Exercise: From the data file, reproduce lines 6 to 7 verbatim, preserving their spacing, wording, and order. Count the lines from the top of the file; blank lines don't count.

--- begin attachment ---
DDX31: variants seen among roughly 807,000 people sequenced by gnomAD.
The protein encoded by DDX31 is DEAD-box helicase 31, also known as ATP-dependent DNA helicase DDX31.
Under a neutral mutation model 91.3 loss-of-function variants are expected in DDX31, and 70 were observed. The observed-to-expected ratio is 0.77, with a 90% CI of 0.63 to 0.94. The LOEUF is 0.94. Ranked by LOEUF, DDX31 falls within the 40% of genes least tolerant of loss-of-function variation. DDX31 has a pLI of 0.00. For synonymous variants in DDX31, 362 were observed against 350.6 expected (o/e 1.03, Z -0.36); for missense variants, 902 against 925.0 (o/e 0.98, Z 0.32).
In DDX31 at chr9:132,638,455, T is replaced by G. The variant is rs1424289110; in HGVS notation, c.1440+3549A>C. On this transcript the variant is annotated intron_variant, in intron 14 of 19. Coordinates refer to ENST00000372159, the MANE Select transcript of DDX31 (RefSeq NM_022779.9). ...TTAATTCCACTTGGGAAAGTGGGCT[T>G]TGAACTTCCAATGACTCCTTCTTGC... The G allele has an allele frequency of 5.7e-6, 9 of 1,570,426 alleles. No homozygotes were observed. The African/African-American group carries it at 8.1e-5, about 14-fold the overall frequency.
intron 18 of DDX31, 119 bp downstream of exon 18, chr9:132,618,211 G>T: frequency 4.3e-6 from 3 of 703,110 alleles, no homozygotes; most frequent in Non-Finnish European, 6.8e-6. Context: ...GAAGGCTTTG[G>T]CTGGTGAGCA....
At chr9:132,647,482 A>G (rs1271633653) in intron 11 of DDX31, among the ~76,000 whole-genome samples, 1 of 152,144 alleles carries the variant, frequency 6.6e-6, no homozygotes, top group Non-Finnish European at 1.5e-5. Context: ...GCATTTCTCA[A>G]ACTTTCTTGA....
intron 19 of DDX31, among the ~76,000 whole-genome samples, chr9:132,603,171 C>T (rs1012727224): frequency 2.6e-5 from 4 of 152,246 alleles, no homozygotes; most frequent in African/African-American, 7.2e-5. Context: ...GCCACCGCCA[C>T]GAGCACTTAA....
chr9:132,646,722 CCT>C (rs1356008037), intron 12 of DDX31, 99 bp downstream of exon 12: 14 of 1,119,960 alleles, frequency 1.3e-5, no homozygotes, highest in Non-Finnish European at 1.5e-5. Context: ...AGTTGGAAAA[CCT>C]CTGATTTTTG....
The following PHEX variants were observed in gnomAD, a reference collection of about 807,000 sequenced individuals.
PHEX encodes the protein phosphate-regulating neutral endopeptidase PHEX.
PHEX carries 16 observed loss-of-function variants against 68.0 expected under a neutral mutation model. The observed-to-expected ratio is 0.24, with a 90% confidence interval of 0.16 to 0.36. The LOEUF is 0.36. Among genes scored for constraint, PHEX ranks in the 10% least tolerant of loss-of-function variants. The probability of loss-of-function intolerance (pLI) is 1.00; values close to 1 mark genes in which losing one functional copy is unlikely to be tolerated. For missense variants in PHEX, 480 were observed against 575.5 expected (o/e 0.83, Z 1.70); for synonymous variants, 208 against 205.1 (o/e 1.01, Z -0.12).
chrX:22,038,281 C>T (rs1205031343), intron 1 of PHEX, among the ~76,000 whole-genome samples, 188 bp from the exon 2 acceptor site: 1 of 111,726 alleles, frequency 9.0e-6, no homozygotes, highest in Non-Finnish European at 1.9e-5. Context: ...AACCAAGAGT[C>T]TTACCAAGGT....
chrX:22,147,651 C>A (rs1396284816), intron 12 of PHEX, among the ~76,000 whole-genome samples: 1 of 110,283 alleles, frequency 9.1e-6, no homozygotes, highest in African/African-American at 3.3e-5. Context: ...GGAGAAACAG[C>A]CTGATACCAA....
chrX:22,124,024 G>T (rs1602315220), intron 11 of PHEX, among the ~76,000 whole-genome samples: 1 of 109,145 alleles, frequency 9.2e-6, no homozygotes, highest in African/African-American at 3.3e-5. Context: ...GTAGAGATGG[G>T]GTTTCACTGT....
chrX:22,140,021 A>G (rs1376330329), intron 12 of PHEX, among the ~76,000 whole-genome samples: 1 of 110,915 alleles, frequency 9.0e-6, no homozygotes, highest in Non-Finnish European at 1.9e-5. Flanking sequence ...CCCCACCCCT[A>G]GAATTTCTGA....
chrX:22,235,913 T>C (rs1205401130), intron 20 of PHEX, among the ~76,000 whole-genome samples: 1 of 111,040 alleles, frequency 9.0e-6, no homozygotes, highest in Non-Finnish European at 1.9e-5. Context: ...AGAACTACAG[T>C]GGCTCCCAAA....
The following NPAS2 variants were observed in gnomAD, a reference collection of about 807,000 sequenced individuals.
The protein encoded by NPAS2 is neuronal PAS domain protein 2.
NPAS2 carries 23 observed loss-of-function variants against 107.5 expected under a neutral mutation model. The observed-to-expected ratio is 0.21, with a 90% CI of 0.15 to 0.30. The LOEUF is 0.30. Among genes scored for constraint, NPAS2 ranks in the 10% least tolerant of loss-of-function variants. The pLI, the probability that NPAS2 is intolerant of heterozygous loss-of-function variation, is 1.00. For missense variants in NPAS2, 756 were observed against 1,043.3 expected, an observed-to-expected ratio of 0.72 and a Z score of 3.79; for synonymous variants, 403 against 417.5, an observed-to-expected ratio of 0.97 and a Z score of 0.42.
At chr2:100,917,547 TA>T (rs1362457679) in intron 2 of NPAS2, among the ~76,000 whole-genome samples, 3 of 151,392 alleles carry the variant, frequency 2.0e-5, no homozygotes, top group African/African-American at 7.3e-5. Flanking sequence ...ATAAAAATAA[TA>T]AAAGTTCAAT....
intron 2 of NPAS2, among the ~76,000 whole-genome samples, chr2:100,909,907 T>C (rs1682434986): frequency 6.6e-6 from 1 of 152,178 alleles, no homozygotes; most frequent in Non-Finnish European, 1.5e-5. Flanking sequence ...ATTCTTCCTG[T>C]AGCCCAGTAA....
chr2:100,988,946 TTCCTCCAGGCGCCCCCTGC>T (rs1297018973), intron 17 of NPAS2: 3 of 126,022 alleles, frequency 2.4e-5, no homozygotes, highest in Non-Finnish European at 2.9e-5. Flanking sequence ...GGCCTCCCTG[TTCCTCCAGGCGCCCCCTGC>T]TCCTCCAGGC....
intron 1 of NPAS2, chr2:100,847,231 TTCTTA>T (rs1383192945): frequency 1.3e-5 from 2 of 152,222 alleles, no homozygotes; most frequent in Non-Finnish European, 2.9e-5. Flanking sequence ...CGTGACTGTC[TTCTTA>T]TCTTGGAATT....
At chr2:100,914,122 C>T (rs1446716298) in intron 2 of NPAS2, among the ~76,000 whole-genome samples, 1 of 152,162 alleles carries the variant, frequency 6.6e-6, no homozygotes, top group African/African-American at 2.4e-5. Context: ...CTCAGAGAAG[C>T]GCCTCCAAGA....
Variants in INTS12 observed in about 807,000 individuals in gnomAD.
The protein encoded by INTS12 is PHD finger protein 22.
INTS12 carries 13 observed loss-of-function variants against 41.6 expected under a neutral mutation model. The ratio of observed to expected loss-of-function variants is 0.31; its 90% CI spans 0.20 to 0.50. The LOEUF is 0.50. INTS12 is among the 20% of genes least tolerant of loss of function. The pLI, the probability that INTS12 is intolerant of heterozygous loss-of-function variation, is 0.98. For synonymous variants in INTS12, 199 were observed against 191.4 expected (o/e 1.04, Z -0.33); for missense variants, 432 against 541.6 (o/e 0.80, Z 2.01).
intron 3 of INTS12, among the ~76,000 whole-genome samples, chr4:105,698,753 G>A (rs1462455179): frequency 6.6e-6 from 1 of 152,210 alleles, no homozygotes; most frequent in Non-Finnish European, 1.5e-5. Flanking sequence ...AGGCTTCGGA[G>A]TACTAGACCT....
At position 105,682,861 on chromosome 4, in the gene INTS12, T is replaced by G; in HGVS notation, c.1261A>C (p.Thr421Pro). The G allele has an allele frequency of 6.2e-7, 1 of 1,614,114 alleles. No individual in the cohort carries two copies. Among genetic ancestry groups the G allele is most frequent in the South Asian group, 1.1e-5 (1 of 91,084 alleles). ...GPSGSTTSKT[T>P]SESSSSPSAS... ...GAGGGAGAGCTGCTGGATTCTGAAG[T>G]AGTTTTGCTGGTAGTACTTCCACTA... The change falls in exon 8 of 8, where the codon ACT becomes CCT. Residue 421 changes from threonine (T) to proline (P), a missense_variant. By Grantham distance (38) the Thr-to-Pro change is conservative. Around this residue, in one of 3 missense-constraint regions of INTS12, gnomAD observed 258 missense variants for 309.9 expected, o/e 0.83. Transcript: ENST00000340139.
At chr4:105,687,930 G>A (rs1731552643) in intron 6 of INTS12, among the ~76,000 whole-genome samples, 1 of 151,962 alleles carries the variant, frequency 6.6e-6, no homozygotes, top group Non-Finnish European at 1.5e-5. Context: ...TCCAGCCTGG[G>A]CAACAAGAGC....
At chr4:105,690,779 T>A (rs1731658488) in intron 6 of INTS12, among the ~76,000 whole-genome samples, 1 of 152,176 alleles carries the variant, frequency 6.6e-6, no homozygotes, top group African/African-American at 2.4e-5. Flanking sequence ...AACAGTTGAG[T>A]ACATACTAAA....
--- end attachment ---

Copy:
At chr9:132,647,482 A>G (rs1271633653) in intron 11 of DDX31, among the ~76,000 whole-genome samples, 1 of 152,144 alleles carries the variant, frequency 6.6e-6, no homozygotes, top group Non-Finnish European at 1.5e-5. Context: ...GCATTTCTCA[A>G]ACTTTCTTGA....
intron 19 of DDX31, among the ~76,000 whole-genome samples, chr9:132,603,171 C>T (rs1012727224): frequency 2.6e-5 from 4 of 152,246 alleles, no homozygotes; most frequent in African/African-American, 7.2e-5. Context: ...GCCACCGCCA[C>T]GAGCACTTAA....